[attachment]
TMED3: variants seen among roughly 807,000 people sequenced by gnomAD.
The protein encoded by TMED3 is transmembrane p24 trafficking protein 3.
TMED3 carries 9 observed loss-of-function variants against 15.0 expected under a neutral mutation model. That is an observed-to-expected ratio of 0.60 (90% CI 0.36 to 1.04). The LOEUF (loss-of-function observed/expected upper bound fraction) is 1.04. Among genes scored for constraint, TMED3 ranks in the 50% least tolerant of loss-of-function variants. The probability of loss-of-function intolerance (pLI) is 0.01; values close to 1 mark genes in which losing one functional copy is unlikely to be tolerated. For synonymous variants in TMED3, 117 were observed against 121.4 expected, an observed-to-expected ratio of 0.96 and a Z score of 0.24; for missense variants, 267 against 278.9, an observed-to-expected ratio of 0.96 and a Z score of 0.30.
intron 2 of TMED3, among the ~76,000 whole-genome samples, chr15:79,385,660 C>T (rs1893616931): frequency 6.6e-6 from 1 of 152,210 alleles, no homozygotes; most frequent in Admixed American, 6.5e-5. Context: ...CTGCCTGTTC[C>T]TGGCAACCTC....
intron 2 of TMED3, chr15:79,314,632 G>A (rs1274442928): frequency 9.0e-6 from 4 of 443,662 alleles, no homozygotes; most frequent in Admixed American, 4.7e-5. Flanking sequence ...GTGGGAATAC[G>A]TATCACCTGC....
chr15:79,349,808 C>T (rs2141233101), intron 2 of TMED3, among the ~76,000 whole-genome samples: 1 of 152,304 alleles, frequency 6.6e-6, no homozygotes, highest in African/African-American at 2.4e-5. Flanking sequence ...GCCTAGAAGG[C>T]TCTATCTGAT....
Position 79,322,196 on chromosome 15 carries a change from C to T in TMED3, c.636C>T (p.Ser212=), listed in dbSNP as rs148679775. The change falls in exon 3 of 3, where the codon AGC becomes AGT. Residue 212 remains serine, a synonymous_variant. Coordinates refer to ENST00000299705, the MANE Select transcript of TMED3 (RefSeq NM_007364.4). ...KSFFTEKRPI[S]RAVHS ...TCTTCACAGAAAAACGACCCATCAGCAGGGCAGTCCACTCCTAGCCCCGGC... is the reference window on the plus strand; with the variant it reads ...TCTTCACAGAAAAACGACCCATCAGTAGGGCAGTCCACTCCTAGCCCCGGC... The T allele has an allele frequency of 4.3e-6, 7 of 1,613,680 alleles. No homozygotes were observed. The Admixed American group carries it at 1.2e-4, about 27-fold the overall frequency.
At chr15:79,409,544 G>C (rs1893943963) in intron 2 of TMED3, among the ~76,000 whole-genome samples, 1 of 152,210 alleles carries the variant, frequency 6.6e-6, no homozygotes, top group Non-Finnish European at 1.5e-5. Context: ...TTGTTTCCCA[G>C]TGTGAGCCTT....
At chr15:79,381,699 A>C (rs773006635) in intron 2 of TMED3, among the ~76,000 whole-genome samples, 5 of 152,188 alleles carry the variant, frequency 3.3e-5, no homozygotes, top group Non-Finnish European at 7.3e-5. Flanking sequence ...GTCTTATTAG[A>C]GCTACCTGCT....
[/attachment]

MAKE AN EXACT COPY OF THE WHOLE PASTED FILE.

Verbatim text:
TMED3: variants seen among roughly 807,000 people sequenced by gnomAD.
The protein encoded by TMED3 is transmembrane p24 trafficking protein 3.
TMED3 carries 9 observed loss-of-function variants against 15.0 expected under a neutral mutation model. That is an observed-to-expected ratio of 0.60 (90% CI 0.36 to 1.04). The LOEUF (loss-of-function observed/expected upper bound fraction) is 1.04. Among genes scored for constraint, TMED3 ranks in the 50% least tolerant of loss-of-function variants. The probability of loss-of-function intolerance (pLI) is 0.01; values close to 1 mark genes in which losing one functional copy is unlikely to be tolerated. For synonymous variants in TMED3, 117 were observed against 121.4 expected, an observed-to-expected ratio of 0.96 and a Z score of 0.24; for missense variants, 267 against 278.9, an observed-to-expected ratio of 0.96 and a Z score of 0.30.
intron 2 of TMED3, among the ~76,000 whole-genome samples, chr15:79,385,660 C>T (rs1893616931): frequency 6.6e-6 from 1 of 152,210 alleles, no homozygotes; most frequent in Admixed American, 6.5e-5. Context: ...CTGCCTGTTC[C>T]TGGCAACCTC....
intron 2 of TMED3, chr15:79,314,632 G>A (rs1274442928): frequency 9.0e-6 from 4 of 443,662 alleles, no homozygotes; most frequent in Admixed American, 4.7e-5. Flanking sequence ...GTGGGAATAC[G>A]TATCACCTGC....
chr15:79,349,808 C>T (rs2141233101), intron 2 of TMED3, among the ~76,000 whole-genome samples: 1 of 152,304 alleles, frequency 6.6e-6, no homozygotes, highest in African/African-American at 2.4e-5. Flanking sequence ...GCCTAGAAGG[C>T]TCTATCTGAT....
Position 79,322,196 on chromosome 15 carries a change from C to T in TMED3, c.636C>T (p.Ser212=), listed in dbSNP as rs148679775. The change falls in exon 3 of 3, where the codon AGC becomes AGT. Residue 212 remains serine, a synonymous_variant. Coordinates refer to ENST00000299705, the MANE Select transcript of TMED3 (RefSeq NM_007364.4). ...KSFFTEKRPI[S]RAVHS ...TCTTCACAGAAAAACGACCCATCAGCAGGGCAGTCCACTCCTAGCCCCGGC... is the reference window on the plus strand; with the variant it reads ...TCTTCACAGAAAAACGACCCATCAGTAGGGCAGTCCACTCCTAGCCCCGGC... The T allele has an allele frequency of 4.3e-6, 7 of 1,613,680 alleles. No homozygotes were observed. The Admixed American group carries it at 1.2e-4, about 27-fold the overall frequency.
At chr15:79,409,544 G>C (rs1893943963) in intron 2 of TMED3, among the ~76,000 whole-genome samples, 1 of 152,210 alleles carries the variant, frequency 6.6e-6, no homozygotes, top group Non-Finnish European at 1.5e-5. Context: ...TTGTTTCCCA[G>C]TGTGAGCCTT....
At chr15:79,381,699 A>C (rs773006635) in intron 2 of TMED3, among the ~76,000 whole-genome samples, 5 of 152,188 alleles carry the variant, frequency 3.3e-5, no homozygotes, top group Non-Finnish European at 7.3e-5. Flanking sequence ...GTCTTATTAG[A>C]GCTACCTGCT....